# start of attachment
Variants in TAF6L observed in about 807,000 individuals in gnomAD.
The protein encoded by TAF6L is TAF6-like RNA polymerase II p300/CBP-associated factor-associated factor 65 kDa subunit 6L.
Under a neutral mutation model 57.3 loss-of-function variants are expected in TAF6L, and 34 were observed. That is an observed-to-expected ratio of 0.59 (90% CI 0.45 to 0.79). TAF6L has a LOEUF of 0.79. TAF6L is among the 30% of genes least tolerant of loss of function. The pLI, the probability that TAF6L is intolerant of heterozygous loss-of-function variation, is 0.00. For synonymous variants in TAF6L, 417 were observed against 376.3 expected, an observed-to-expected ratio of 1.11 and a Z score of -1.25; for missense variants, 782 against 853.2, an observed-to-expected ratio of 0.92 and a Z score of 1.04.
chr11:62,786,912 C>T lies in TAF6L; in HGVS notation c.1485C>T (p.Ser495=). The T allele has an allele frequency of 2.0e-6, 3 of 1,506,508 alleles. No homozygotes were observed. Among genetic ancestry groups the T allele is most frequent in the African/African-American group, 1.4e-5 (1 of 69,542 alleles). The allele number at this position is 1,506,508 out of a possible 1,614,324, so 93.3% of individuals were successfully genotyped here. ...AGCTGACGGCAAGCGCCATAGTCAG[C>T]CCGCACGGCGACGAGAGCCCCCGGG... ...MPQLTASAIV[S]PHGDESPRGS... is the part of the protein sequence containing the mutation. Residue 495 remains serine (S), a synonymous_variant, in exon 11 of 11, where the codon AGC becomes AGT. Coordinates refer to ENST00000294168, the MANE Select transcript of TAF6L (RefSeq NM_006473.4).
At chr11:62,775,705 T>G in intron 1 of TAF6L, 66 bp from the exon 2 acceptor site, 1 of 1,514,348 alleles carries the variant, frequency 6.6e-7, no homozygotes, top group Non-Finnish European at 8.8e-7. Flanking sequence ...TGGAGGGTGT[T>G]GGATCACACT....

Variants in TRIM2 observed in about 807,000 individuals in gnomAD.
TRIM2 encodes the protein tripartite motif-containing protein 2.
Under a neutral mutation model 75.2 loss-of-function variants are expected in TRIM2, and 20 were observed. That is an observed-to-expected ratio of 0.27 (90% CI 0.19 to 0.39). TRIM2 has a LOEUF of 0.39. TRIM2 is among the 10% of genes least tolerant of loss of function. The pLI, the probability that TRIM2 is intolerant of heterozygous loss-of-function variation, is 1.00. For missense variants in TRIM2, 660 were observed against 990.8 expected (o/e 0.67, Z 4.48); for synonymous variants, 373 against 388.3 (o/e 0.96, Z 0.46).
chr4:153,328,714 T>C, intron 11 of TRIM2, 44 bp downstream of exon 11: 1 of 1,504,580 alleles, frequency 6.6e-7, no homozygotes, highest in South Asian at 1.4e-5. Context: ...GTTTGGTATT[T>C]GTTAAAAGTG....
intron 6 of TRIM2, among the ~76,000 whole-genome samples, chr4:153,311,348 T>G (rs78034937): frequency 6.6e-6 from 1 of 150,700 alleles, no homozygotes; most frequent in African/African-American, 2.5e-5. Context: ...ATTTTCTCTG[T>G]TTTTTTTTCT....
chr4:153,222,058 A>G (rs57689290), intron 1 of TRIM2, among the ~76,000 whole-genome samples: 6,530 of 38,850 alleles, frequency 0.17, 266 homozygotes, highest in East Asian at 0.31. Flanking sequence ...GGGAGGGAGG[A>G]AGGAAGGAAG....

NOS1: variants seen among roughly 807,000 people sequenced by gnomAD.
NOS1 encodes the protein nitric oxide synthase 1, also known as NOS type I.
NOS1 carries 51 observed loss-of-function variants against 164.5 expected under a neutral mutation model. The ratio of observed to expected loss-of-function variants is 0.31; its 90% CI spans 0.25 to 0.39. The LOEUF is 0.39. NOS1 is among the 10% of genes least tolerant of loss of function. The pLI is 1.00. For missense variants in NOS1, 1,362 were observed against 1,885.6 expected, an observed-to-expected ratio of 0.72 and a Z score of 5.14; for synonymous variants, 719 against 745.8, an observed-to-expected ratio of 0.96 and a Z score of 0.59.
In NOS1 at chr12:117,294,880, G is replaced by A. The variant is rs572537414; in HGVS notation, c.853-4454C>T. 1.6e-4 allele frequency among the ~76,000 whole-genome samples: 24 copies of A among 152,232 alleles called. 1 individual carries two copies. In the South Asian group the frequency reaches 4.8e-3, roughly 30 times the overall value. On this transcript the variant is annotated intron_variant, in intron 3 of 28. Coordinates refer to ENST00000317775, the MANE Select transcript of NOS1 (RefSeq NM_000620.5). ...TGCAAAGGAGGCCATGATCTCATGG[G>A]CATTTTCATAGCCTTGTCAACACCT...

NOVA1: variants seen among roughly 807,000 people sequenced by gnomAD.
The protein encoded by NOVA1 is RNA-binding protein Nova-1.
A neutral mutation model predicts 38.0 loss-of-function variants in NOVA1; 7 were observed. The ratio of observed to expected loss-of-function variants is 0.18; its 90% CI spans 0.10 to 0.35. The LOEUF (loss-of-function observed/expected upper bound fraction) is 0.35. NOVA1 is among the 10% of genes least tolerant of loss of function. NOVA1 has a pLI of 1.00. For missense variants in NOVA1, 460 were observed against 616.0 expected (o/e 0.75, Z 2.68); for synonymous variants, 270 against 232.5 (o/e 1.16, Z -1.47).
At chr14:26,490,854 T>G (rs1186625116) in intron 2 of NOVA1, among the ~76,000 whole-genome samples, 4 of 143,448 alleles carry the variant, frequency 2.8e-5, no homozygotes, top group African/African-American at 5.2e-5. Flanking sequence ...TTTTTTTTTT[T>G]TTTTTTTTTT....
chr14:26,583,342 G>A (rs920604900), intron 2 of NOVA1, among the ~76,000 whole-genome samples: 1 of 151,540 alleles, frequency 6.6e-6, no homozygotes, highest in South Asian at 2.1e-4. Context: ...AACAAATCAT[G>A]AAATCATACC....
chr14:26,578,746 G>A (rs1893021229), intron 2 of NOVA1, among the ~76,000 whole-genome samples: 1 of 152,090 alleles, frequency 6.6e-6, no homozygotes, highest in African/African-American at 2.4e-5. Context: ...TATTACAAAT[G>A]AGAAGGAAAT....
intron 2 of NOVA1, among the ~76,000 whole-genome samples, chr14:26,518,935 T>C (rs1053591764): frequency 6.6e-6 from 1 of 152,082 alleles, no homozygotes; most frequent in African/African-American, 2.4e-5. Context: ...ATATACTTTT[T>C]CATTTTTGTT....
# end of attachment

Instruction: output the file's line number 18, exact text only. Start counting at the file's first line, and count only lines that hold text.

A neutral mutation model predicts 38.0 loss-of-function variants in NOVA1; 7 were observed. The ratio of observed to expected loss-of-function variants is 0.18; its 90% CI spans 0.10 to 0.35. The LOEUF (loss-of-function observed/expected upper bound fraction) is 0.35. NOVA1 is among the 10% of genes least tolerant of loss of function. NOVA1 has a pLI of 1.00. For missense variants in NOVA1, 460 were observed against 616.0 expected (o/e 0.75, Z 2.68); for synonymous variants, 270 against 232.5 (o/e 1.16, Z -1.47).